Media

Federated Media is done with banner ad sales

Online advertising agency Federated Media announced today that it’s eliminating its direct display advertising business.

The move marks a significant shift in the agency’s overall business strategy. FM is among the top ad agencies in the industry, with 180 million monthly unique page views and over 145,000 publishing (content) partners. [Disclosure: VentureBeat is one of Federated Media's publishing partners.] Direct ads accounted for 15 percent of FM’s total revenue in 2010, and only 11 percent last year.

Display ads (aka banner ads) are the ones on a website that are usually more prominently places in areas that everyone is likely to look. They come in a few standard sizes and are typically sold to marketers or company brands for a premium price. In the past, web publishers have relied on firms like FM to find companies to advertise on those display ads. However, the demand for those ads is dropping, according to Federated Media.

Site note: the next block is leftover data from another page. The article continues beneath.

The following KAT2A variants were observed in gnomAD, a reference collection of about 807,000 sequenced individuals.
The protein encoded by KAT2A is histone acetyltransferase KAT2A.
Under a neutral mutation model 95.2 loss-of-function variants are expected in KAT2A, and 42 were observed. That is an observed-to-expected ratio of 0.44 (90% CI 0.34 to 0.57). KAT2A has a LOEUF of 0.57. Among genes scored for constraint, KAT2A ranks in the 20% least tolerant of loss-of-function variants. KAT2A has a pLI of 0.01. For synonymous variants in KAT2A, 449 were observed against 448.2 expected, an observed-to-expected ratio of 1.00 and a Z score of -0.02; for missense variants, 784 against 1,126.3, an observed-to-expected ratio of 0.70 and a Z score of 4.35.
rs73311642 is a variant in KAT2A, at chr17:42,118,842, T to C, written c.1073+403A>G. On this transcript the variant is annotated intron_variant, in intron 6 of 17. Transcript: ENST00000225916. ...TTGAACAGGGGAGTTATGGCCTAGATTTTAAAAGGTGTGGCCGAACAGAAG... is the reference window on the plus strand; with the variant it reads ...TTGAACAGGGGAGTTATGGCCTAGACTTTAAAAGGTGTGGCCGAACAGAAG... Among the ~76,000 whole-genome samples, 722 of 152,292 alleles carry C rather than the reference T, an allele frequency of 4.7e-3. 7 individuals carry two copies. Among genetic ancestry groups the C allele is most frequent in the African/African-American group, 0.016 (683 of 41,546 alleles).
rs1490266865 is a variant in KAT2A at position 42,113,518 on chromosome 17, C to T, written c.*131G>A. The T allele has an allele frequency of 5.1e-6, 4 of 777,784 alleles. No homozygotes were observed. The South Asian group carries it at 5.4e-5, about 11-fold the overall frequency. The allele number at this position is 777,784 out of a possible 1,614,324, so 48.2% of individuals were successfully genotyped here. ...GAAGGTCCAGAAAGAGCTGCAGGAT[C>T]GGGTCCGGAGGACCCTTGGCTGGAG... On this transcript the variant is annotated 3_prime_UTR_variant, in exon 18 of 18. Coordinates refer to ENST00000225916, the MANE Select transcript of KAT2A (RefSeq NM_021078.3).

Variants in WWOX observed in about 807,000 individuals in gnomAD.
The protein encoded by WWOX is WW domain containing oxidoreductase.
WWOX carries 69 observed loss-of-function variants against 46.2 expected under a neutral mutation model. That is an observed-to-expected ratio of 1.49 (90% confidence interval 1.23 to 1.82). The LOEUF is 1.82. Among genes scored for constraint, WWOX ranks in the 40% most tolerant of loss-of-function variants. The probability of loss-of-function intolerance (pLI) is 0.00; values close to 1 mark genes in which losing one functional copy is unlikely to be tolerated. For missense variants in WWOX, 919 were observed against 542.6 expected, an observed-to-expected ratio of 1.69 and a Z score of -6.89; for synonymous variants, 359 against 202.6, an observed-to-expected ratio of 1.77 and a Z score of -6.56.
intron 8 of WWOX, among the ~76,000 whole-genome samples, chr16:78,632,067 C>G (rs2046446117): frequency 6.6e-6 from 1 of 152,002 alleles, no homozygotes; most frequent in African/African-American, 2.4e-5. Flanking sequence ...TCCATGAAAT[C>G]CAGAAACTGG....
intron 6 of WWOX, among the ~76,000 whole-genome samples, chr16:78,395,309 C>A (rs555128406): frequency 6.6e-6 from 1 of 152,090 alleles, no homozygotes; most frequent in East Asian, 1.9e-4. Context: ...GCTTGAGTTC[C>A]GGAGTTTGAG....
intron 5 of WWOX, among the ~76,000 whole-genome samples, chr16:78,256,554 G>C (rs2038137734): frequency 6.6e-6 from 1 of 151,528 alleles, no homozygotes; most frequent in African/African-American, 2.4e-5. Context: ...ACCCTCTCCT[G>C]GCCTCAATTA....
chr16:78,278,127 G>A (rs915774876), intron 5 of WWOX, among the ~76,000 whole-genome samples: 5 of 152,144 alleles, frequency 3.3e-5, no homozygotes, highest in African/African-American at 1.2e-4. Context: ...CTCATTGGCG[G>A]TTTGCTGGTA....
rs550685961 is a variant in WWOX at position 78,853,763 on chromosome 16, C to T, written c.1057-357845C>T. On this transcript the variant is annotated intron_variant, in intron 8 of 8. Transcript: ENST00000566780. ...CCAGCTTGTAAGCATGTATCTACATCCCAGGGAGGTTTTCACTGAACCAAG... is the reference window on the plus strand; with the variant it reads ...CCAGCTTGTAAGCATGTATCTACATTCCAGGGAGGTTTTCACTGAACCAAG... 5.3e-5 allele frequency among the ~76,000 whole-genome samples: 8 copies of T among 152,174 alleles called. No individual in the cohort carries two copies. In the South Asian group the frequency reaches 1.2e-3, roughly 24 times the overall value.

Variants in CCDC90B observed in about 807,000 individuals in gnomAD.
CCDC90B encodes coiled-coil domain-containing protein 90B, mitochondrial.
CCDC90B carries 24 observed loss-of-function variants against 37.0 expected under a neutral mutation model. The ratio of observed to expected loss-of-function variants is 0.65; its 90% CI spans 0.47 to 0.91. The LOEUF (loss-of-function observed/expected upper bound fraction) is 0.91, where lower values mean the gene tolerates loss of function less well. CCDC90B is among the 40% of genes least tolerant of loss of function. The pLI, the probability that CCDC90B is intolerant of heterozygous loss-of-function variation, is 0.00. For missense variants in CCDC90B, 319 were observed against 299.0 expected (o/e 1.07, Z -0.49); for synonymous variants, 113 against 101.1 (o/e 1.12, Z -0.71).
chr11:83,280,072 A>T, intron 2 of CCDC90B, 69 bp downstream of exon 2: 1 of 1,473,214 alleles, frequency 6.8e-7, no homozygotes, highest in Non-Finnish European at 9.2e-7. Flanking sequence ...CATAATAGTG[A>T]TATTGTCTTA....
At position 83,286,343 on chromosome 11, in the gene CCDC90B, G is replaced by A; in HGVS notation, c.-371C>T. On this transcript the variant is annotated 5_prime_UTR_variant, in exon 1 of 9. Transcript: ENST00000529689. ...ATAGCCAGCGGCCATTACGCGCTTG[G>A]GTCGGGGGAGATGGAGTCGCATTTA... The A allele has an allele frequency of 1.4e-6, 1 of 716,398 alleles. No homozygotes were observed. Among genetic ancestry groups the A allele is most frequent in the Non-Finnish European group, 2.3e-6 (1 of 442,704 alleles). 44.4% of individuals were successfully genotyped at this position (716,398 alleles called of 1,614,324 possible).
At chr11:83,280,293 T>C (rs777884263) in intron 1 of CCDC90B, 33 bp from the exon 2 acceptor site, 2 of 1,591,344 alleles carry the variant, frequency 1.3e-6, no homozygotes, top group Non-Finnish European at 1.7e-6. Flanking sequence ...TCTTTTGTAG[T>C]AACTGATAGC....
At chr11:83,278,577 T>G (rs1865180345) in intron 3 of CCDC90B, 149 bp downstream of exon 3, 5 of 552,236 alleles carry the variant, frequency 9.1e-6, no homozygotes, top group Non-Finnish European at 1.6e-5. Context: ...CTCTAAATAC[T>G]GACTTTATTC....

“The model of ‘boxes and rectangles’ – the display banner – is failing to fully support traditional ‘content’ sites beyond a handful of exceptions,” wrote Federated Media founder John Battelle in a recent blog post. He explained that the next generation of native ads on social networks and strength of Google Adwords make direct sales more competitive, and that ad agencies must evolve with the growing trend of advertisers who want more social/conversational ad campaigns.

Essentially, it no longer makes financial sense for companies like Federated Media to hire a team of people to find and keep track of advertisers who want to buy banner ads. And if publishers still want to fulfill what they view as a demand for premium-level direct banner ad sales, they’ll need to use a self-serve ad service like isocket.

Federated Media plans to refocus all its resources into the two areas of advertising it believes is growing. The first is its premium conversational & native advertising, which includes sponsored posts, special coverage sections, and ads/promotions that are more directly integrated with a publisher’s content. The second area is in less expensive, “programmatic” advertising, which automatically displays ads on websites at all times. The ad agency purchased startup Lijit in October 2011 as a response to the growing demand for programmatic ad buying.


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